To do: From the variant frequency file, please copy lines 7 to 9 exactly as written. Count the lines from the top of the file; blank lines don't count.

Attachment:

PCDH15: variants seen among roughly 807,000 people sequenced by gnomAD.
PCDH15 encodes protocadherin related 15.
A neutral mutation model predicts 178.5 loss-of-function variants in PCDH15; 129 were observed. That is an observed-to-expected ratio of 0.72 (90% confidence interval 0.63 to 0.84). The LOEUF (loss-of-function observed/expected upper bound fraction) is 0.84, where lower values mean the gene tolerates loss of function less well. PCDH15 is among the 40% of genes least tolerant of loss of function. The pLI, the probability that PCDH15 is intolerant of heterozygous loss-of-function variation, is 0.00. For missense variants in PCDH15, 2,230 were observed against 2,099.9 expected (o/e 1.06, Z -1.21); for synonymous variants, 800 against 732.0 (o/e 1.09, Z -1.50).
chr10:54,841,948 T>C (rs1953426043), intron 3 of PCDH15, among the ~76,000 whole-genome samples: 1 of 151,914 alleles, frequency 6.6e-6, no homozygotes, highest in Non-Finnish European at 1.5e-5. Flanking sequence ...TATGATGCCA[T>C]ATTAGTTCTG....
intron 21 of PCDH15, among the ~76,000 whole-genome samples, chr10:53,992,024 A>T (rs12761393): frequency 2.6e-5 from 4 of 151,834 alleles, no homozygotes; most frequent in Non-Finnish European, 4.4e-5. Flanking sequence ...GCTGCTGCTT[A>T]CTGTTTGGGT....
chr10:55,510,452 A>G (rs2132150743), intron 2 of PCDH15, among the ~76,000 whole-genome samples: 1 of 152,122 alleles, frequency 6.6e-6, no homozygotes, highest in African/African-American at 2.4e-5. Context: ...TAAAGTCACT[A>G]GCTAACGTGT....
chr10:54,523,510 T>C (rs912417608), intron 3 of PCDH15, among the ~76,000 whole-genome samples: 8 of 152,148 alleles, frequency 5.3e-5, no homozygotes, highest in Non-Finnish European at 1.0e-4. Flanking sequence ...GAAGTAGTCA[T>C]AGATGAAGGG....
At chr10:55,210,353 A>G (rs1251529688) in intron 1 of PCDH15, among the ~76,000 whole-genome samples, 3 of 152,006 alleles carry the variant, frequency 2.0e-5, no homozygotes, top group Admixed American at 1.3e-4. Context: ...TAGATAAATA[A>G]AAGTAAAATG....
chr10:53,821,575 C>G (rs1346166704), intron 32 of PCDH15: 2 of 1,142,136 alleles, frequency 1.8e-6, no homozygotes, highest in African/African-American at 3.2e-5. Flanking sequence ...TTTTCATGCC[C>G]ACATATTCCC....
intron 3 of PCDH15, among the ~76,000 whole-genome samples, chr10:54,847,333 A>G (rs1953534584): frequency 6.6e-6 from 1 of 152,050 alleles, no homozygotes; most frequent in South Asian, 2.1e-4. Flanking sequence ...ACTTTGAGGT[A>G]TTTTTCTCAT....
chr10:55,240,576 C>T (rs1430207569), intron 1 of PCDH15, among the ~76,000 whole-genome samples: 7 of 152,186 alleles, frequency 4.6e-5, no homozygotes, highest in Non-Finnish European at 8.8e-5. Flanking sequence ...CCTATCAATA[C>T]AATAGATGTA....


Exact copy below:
chr10:54,523,510 T>C (rs912417608), intron 3 of PCDH15, among the ~76,000 whole-genome samples: 8 of 152,148 alleles, frequency 5.3e-5, no homozygotes, highest in Non-Finnish European at 1.0e-4. Flanking sequence ...GAAGTAGTCA[T>C]AGATGAAGGG....
At chr10:55,210,353 A>G (rs1251529688) in intron 1 of PCDH15, among the ~76,000 whole-genome samples, 3 of 152,006 alleles carry the variant, frequency 2.0e-5, no homozygotes, top group Admixed American at 1.3e-4. Context: ...TAGATAAATA[A>G]AAGTAAAATG....
chr10:53,821,575 C>G (rs1346166704), intron 32 of PCDH15: 2 of 1,142,136 alleles, frequency 1.8e-6, no homozygotes, highest in African/African-American at 3.2e-5. Flanking sequence ...TTTTCATGCC[C>G]ACATATTCCC....